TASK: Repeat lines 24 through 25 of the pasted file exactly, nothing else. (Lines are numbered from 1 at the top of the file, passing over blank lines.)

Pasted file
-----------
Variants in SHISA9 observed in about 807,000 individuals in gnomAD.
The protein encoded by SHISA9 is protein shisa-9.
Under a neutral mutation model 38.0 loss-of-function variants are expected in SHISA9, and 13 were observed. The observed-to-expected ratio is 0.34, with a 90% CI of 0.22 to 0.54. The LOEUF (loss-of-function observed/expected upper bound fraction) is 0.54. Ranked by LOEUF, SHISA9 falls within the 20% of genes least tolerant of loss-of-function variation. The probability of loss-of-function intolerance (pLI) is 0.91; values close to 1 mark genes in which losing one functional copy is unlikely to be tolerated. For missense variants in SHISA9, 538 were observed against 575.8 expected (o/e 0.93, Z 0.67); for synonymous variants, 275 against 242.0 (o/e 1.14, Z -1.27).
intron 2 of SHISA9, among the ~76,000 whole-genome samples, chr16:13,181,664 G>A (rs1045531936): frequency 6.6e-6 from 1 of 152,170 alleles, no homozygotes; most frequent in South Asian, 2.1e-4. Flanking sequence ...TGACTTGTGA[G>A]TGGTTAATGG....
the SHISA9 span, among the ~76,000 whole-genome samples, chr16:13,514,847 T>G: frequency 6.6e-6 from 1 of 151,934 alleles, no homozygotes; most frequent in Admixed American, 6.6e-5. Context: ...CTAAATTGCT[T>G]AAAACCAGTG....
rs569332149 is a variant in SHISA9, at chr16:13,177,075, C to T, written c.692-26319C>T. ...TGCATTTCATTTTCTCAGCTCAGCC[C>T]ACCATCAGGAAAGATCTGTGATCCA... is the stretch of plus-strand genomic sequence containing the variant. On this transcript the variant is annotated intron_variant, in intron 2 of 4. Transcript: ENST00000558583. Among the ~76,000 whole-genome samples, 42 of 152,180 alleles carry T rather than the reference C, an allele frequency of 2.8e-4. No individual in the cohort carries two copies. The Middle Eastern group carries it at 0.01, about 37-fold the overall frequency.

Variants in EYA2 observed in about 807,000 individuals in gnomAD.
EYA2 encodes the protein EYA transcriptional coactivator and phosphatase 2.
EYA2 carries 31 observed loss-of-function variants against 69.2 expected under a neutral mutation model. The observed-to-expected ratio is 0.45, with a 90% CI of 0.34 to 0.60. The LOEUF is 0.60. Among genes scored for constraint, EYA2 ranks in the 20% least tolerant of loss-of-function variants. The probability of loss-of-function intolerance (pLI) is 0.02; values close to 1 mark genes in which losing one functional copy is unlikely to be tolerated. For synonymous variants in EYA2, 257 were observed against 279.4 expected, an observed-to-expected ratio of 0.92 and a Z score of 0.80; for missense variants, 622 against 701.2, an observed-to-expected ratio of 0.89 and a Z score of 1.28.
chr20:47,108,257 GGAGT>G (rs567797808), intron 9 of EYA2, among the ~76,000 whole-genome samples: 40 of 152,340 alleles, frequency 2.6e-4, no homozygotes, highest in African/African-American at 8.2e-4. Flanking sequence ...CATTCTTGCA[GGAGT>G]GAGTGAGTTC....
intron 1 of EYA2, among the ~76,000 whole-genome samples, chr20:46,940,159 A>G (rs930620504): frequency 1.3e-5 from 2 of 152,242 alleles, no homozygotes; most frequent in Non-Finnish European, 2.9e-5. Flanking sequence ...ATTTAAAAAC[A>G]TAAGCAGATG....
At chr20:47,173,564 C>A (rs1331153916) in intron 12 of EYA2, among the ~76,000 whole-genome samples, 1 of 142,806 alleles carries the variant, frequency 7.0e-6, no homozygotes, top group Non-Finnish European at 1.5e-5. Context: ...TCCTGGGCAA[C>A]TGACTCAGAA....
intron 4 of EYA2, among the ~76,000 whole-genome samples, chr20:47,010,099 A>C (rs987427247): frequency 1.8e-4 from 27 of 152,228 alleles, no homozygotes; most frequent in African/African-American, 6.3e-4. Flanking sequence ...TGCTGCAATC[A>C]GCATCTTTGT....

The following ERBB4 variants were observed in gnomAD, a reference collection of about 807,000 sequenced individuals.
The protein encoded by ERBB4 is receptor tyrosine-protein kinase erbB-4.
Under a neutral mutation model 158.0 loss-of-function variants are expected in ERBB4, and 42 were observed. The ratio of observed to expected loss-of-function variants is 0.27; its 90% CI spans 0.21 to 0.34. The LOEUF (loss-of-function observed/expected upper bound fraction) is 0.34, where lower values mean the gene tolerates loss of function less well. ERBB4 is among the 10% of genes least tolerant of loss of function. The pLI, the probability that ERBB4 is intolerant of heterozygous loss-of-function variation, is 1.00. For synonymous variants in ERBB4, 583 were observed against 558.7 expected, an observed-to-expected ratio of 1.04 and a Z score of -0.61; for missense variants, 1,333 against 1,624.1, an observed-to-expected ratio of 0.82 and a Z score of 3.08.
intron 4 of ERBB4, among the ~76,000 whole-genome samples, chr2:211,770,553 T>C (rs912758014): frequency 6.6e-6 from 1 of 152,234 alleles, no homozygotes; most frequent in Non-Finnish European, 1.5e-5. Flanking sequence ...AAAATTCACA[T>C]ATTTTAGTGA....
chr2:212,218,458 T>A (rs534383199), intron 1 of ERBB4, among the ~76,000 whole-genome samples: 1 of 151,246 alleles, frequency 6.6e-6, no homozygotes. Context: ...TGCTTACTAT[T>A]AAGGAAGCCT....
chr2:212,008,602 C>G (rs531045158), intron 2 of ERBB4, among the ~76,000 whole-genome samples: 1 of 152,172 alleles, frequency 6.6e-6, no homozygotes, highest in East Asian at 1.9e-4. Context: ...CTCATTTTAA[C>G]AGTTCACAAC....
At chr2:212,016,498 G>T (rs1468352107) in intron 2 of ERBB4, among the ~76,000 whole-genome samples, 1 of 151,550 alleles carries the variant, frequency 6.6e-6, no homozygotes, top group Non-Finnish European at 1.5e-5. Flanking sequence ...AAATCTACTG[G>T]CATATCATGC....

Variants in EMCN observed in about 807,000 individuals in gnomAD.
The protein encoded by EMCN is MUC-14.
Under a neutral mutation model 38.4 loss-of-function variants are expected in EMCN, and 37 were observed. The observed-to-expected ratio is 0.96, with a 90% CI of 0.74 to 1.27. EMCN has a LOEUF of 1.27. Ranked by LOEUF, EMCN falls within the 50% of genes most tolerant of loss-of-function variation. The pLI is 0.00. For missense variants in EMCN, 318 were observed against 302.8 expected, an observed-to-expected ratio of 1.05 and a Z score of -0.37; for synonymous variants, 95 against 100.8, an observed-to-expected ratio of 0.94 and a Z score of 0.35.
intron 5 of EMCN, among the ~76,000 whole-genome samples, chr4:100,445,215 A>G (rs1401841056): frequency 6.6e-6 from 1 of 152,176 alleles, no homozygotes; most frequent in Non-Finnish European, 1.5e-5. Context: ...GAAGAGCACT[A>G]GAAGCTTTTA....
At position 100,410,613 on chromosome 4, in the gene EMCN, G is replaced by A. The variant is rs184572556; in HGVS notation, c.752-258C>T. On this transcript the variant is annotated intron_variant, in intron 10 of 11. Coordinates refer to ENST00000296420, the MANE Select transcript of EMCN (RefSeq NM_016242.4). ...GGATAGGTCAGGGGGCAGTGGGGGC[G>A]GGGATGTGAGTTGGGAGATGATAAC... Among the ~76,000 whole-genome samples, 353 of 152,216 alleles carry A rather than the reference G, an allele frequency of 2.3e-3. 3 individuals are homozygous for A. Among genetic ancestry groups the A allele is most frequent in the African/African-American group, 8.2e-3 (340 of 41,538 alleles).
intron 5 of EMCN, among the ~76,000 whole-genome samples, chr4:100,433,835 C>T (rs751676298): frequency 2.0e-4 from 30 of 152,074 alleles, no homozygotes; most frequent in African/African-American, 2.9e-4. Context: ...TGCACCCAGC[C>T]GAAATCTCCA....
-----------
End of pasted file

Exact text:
intron 5 of EMCN, among the ~76,000 whole-genome samples, chr4:100,445,215 A>G (rs1401841056): frequency 6.6e-6 from 1 of 152,176 alleles, no homozygotes; most frequent in Non-Finnish European, 1.5e-5. Context: ...GAAGAGCACT[A>G]GAAGCTTTTA....
At position 100,410,613 on chromosome 4, in the gene EMCN, G is replaced by A. The variant is rs184572556; in HGVS notation, c.752-258C>T. On this transcript the variant is annotated intron_variant, in intron 10 of 11. Coordinates refer to ENST00000296420, the MANE Select transcript of EMCN (RefSeq NM_016242.4). ...GGATAGGTCAGGGGGCAGTGGGGGC[G>A]GGGATGTGAGTTGGGAGATGATAAC... Among the ~76,000 whole-genome samples, 353 of 152,216 alleles carry A rather than the reference G, an allele frequency of 2.3e-3. 3 individuals are homozygous for A. Among genetic ancestry groups the A allele is most frequent in the African/African-American group, 8.2e-3 (340 of 41,538 alleles).